Automate State Machine Enhancements

The automate state machine processes an ordered list of states, before each state is executed, the on_entry method is executed. After the state ends the on_exit or on_error method is executed based on how the state ends. If the state ends with ‘ok’ the on_exit method is executed, if the state ends with ‘error’ the on_error method is executed.

We have been getting requests to add 2 new features to the Automate state machine
(1) Skip a state, based on some logic in ‘on_entry’ method
(2) Ignore the error from a state method and continue with some logic in the ‘on_error’ method.

The automate methods communicate the state results by setting the
’ae_result’ attribute in the root object.

$evm.root['ae_result'] = 'error'


Add 2 new values for ‘ae_result’

  1. ‘skip’ valid from the on_entry method which will cause the state
    method to be skipped.

  2. ‘continue’ valid from the on_error method which will cause the automate engine to ignore the error code from the current state and continue on to the next state

Please provide comments.

I see another feature : make the State Machine a finished state automate
that allows different next state based on some logic in on_exit. Obviously,
one should be careful about circular references.

We had thought about changing the next state to go to from the current state, that is error prone and would lead to complex state machines which will be difficult to debug. Today the state machine is a single path thru the states, the only thing that changes is where we start (in case of retires) otherwise they always start at the top and fall to to the bottom. With these enhancements we can skip some of the states or continue on in case of errors.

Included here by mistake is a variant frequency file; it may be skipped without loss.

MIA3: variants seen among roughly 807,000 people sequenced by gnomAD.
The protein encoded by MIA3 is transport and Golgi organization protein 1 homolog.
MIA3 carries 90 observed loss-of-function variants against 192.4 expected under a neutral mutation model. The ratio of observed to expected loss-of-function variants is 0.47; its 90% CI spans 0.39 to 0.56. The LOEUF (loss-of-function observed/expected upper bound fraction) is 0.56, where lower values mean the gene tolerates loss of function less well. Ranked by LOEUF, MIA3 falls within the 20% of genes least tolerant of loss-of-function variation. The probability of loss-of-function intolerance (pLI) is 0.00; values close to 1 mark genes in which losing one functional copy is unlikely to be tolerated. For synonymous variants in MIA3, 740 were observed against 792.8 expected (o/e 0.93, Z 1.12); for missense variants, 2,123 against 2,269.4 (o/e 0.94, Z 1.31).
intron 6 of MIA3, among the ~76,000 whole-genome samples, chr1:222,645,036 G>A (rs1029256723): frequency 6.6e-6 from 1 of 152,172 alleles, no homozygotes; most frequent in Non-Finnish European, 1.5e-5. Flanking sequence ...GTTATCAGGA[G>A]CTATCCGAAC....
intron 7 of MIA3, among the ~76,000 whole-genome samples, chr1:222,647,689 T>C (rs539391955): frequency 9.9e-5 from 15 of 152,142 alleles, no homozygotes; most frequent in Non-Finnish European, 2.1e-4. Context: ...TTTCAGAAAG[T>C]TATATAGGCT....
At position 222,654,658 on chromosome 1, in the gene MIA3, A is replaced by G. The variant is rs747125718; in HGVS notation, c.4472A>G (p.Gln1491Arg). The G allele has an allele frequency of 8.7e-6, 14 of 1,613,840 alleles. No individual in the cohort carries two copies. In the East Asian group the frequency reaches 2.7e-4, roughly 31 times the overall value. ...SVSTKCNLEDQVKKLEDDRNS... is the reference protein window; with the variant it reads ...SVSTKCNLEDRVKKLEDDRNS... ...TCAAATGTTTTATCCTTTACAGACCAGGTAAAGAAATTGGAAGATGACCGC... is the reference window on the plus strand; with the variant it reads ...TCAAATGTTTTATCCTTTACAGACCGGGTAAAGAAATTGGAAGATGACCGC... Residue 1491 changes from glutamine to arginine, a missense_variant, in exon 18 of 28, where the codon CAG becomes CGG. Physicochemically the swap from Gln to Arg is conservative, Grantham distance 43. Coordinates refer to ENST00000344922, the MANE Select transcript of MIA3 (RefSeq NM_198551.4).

Then, to keep state machines as small and simple as possible, we should be able to trigger custom events from Ruby code. This way, we would be able to start other state machines in asynchronous mode, dedicated to specific small tasks.

I think that ‘skip’ and ‘continue’ look good for this purpose. It will certainly enhance the usefulness of state machines, by allowing optional pre-processing, and error recovery capability to each state.


On further investigation, it came to my knowledge that the initial state machine implementation would require that the user set the next state to go to. That requires extra book keeping on the part of the user to decide which state to execute next. The users didn’t want to keep track of which state to go to and wanted the states to be executed serially defined by the field priority. Since then the state machine has been executed sequentially. With a little bit of effort it would be possible to bring back the old behavior to optionally set the next state via ‘ae_next_state’ attribute in $evm.root. If this attribute is not set we would execute the next state